why is sandro botticelli important
Sandro Botticelli was born several generations after Donatello (1386 – 1466), Masaccio (1401 – 1428), and their associates who gave Florentine art its direction, and just before it took a great turn in the works of Leonardo da Vinci, Michelangelo, and others. Botticelli worked in an established, almost traditional manner at a point just before such a style went out of fashion.
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Botticelli’s name is derived from that of his elder brother Giovanni, a pawnbroker who was called Botticello (“Little Barrel”). As is often the case with Renaissance artists, most of the modern information about Botticelli’s life and character derives from Giorgio Vasari’s Lives of the Most Eminent Painters, Sculptors, & Architects, as supplemented and corrected from documents. Botticelli’s father was a tanner who apprenticed Sandro to a goldsmith after his schooling was finished. But, since Sandro preferred painting, his father then placed him under Filippo Lippi, who was one of the most admired Florentine masters.
About 1478–81 Botticelli entered his artistic maturity; all tentativeness in his work disappeared and was replaced by a consummate mastery. He was able to integrate figure and setting into harmonious compositions and to draw the human form with a compelling vitality. He would later display unequaled skill at rendering narrative texts, whether biographies of saints or stories from Boccaccio’s Decameron or Dante’s Divine Comedy, into a pictorial form that is at once exact, economical, and eloquent.
Sandro Botticelli, The Madonna and Child, with a pomegranate, in an alcove with roses behind. Courtesy of Christie’s London.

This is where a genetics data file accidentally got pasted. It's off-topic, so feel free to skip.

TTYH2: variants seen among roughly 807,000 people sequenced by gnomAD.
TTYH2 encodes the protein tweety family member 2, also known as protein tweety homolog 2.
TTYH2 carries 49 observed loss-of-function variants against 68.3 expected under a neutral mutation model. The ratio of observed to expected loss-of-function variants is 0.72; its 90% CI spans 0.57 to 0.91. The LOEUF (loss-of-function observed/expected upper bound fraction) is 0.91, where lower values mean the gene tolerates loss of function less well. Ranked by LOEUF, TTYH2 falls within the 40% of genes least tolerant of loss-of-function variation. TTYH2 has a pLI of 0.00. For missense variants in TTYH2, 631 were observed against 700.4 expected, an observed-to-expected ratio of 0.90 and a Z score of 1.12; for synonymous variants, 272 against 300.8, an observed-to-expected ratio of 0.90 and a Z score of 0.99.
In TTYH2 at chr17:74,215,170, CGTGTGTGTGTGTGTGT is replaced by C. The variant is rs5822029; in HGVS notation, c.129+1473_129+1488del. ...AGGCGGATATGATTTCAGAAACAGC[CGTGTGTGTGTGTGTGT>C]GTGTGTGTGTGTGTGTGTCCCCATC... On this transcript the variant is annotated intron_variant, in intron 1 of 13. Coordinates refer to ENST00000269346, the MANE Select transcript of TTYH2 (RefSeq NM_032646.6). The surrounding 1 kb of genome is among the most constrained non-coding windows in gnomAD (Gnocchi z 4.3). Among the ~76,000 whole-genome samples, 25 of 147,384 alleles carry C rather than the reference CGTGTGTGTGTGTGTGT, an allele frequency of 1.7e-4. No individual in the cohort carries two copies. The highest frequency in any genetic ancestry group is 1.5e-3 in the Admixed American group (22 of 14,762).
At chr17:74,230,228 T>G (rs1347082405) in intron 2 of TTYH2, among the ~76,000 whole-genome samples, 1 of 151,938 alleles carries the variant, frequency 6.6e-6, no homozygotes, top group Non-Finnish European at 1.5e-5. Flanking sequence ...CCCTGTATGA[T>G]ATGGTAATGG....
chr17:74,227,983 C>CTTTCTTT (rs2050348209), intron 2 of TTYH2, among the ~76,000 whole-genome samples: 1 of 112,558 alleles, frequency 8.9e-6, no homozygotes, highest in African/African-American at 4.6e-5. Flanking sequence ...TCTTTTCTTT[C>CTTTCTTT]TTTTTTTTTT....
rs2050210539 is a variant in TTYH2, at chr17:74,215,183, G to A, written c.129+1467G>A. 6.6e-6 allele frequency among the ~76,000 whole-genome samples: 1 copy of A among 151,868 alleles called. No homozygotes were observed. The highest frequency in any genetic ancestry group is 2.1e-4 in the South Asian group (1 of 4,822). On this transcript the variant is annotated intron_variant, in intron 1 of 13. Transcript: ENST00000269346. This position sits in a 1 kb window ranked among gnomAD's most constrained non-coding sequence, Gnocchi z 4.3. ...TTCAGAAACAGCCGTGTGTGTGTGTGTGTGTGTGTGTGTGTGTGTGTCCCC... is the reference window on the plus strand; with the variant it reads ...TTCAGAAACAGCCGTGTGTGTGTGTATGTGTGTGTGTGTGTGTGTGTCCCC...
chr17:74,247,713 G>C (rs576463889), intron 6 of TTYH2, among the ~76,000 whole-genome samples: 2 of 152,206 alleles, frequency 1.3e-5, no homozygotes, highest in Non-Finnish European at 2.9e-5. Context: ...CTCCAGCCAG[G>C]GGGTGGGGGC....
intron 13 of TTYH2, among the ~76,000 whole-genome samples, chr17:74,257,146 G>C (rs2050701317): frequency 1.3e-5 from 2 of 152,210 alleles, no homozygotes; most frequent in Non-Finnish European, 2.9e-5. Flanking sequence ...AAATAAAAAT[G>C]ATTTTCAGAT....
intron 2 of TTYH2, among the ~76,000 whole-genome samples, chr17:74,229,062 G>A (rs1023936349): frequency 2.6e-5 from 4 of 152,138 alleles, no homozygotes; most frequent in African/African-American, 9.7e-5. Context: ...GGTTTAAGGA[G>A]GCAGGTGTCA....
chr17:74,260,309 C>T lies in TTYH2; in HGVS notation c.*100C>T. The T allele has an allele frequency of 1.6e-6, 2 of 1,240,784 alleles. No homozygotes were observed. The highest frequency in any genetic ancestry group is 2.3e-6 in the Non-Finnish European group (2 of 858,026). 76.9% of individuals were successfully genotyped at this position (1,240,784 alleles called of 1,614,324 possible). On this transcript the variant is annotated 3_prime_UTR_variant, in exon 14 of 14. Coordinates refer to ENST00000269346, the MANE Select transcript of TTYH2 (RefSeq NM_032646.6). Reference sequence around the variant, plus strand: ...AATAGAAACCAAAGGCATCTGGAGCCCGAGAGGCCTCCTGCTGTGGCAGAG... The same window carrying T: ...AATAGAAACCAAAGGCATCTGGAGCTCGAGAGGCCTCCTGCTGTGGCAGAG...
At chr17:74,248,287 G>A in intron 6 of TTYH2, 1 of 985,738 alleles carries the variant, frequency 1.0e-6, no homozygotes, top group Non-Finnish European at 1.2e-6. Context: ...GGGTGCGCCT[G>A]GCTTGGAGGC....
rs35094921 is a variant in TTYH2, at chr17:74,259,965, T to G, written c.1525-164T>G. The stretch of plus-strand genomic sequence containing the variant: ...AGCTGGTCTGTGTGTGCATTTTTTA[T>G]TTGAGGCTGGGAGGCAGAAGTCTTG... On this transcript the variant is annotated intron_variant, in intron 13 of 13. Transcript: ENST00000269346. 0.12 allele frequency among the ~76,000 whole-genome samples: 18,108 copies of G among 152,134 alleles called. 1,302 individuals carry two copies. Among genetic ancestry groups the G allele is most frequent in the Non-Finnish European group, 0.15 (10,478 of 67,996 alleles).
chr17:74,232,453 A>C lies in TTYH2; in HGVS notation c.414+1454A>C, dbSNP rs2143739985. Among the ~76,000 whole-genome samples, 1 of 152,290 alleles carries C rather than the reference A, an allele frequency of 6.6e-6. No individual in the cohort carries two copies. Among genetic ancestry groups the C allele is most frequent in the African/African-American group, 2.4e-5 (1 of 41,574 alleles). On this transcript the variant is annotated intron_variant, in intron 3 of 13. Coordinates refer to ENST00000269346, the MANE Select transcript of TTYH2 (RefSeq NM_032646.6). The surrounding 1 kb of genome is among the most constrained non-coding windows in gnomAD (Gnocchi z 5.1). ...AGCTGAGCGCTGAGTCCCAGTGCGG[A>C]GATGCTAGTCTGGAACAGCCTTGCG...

A relief sculpture of Bernardino of Siena organizing the vanities bonfire. The sculpture is in Perugia, on the Oratorio di San Bernardino, by Agostino di Duccio, built between 1457 and 1461. Courtesy of Giovanni Dall’Orto, via Wikimedia Commons.
Detail of Venus and Cupid
Detail of Flora, Zephyr, and Chloris
Alessandro Filipepi, commonly known as Sandro Botticelli, was born around 1445. He lived in the time of Lorenzo de Medici, “Il Magnifico.” Botticelli became an important figure in the early Italian Renaissance in Florence. First, he studied under a goldsmith named Botticelli and met professional artists. Soon his father sent him to study under the Renaissance painter, Fra Filippo Lippi.
The “Birth of Venus” (c. 1484-1486) is Botticelli’s other signature work. This time Venus is displayed in the nude. Her form is an adult woman true to the belief that she was born in a womanly body. Her long, golden hair flows down around the left side of her body to cover her delicate femininity. In a wind of roses, Zephyr and Chloris deliver her to her attendant. The change in setting from the first painting to the second painting is from the beautiful forest to the calm seashore.